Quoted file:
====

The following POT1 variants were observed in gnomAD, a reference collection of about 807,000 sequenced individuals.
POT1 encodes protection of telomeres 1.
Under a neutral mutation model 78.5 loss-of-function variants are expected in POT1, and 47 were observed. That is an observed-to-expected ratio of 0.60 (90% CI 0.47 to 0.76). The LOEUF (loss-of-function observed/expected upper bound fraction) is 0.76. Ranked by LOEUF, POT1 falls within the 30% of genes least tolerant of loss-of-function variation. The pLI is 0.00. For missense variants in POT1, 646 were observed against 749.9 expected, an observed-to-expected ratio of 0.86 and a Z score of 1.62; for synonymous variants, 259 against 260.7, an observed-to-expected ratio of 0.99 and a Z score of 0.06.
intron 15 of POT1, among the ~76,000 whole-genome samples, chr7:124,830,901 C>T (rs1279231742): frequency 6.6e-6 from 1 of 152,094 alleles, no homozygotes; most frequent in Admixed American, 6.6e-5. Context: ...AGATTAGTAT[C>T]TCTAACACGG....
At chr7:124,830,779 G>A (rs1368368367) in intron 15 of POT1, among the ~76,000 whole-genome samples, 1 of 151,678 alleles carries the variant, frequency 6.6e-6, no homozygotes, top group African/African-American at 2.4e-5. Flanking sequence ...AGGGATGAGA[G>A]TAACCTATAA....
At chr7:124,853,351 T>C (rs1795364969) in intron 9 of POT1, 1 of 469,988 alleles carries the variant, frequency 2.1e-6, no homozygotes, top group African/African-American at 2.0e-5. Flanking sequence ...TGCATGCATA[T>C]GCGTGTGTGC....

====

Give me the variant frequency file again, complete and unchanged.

The following POT1 variants were observed in gnomAD, a reference collection of about 807,000 sequenced individuals.
POT1 encodes protection of telomeres 1.
Under a neutral mutation model 78.5 loss-of-function variants are expected in POT1, and 47 were observed. That is an observed-to-expected ratio of 0.60 (90% CI 0.47 to 0.76). The LOEUF (loss-of-function observed/expected upper bound fraction) is 0.76. Ranked by LOEUF, POT1 falls within the 30% of genes least tolerant of loss-of-function variation. The pLI is 0.00. For missense variants in POT1, 646 were observed against 749.9 expected, an observed-to-expected ratio of 0.86 and a Z score of 1.62; for synonymous variants, 259 against 260.7, an observed-to-expected ratio of 0.99 and a Z score of 0.06.
intron 15 of POT1, among the ~76,000 whole-genome samples, chr7:124,830,901 C>T (rs1279231742): frequency 6.6e-6 from 1 of 152,094 alleles, no homozygotes; most frequent in Admixed American, 6.6e-5. Context: ...AGATTAGTAT[C>T]TCTAACACGG....
At chr7:124,830,779 G>A (rs1368368367) in intron 15 of POT1, among the ~76,000 whole-genome samples, 1 of 151,678 alleles carries the variant, frequency 6.6e-6, no homozygotes, top group African/African-American at 2.4e-5. Flanking sequence ...AGGGATGAGA[G>A]TAACCTATAA....
At chr7:124,853,351 T>C (rs1795364969) in intron 9 of POT1, 1 of 469,988 alleles carries the variant, frequency 2.1e-6, no homozygotes, top group African/African-American at 2.0e-5. Flanking sequence ...TGCATGCATA[T>C]GCGTGTGTGC....